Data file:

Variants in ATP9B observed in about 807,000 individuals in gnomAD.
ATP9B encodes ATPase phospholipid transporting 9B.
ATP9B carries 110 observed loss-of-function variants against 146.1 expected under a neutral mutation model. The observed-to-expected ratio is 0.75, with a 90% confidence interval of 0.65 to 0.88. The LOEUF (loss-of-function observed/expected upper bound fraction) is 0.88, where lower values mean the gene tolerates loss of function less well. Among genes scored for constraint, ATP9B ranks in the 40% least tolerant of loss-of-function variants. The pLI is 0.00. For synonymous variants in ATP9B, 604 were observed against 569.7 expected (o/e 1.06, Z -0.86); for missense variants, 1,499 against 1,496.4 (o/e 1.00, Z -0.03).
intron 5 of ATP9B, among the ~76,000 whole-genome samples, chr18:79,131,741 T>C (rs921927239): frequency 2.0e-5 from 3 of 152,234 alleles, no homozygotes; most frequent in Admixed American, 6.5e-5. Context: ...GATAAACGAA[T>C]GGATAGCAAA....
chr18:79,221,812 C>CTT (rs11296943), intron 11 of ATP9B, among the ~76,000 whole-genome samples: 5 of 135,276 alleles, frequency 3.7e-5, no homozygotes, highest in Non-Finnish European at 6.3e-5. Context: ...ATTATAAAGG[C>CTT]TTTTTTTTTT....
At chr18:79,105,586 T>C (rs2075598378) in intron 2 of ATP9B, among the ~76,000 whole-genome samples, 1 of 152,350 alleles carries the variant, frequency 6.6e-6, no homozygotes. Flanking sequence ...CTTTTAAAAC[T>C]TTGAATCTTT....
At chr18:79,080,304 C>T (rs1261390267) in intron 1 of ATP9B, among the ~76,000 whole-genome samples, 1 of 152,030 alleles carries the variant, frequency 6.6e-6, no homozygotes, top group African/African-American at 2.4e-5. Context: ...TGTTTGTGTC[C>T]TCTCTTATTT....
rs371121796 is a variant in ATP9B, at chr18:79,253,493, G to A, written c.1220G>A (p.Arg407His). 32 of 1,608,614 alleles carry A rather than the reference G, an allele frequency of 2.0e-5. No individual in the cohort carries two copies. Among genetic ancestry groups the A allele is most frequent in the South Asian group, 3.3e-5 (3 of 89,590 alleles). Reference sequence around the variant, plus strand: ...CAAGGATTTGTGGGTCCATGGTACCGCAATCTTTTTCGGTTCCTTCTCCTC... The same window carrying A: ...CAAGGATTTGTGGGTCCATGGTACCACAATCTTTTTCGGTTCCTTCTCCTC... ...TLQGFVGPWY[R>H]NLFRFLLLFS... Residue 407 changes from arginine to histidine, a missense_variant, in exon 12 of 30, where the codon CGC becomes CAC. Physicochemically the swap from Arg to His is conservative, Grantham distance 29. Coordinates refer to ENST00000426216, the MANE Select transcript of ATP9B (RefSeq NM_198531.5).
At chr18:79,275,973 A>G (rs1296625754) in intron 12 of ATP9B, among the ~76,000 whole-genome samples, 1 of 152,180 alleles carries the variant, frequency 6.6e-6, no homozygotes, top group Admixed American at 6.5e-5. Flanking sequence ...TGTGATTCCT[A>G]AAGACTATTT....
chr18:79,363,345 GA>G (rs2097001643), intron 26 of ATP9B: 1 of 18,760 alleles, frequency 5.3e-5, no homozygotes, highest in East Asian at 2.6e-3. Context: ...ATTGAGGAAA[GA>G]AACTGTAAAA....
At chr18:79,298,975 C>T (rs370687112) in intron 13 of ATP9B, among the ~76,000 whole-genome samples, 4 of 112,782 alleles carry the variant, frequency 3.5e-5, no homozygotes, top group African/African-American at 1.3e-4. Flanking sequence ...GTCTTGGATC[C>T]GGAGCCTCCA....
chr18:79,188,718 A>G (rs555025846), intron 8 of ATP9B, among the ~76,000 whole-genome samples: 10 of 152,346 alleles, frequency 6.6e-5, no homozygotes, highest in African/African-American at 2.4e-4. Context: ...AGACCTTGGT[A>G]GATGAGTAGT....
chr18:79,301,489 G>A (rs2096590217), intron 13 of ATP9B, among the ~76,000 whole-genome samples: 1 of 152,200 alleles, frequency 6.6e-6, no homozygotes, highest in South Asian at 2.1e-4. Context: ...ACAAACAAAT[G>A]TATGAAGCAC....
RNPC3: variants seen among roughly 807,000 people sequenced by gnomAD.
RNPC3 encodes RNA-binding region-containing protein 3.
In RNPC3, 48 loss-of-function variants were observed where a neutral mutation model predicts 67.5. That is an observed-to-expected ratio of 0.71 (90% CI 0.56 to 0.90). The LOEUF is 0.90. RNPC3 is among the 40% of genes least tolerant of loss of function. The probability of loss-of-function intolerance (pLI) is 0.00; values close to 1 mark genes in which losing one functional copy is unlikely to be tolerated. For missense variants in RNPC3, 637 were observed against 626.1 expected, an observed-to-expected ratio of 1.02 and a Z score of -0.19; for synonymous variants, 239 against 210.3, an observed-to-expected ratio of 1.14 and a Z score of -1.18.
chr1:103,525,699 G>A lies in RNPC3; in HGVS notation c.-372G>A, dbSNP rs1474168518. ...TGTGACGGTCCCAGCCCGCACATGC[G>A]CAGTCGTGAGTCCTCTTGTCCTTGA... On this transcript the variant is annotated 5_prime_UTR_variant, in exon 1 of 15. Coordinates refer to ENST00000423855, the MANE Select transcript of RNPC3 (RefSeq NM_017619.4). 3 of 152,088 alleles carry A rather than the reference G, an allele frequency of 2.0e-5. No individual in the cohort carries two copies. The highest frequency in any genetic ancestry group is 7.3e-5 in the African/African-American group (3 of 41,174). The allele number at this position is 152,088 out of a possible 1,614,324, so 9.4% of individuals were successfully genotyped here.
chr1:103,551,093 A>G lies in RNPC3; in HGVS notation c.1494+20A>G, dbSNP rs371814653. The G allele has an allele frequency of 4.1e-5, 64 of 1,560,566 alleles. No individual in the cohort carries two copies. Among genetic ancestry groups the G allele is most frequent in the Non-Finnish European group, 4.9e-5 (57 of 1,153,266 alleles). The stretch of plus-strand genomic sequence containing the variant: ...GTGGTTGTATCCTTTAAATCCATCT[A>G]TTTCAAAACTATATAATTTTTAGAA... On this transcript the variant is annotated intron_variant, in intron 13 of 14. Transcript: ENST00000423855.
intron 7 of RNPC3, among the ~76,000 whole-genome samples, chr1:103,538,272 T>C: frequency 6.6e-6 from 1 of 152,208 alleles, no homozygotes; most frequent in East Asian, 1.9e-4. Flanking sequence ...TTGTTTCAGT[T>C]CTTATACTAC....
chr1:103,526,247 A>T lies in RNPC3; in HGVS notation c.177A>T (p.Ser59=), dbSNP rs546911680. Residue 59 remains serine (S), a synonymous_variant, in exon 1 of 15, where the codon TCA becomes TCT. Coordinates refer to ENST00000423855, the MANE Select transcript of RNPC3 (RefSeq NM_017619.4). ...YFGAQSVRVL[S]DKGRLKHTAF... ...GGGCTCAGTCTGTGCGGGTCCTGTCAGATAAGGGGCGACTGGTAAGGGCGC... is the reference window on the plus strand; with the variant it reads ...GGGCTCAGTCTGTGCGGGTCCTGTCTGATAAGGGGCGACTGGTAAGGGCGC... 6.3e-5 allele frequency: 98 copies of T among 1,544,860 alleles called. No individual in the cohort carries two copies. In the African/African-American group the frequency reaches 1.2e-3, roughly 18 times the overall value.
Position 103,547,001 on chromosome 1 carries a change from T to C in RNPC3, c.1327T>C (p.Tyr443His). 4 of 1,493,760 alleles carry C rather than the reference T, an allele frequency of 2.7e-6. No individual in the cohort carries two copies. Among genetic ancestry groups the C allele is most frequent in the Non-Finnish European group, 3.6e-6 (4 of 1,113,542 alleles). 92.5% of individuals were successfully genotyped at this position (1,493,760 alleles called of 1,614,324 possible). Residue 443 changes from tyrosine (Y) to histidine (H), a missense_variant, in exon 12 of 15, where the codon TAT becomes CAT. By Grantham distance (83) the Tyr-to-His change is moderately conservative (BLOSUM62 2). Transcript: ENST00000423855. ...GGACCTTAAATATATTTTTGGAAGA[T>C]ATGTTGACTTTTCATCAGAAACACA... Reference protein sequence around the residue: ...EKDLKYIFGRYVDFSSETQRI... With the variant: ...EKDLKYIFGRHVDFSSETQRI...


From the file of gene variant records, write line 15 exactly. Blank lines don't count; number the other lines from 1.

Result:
RNPC3 encodes RNA-binding region-containing protein 3.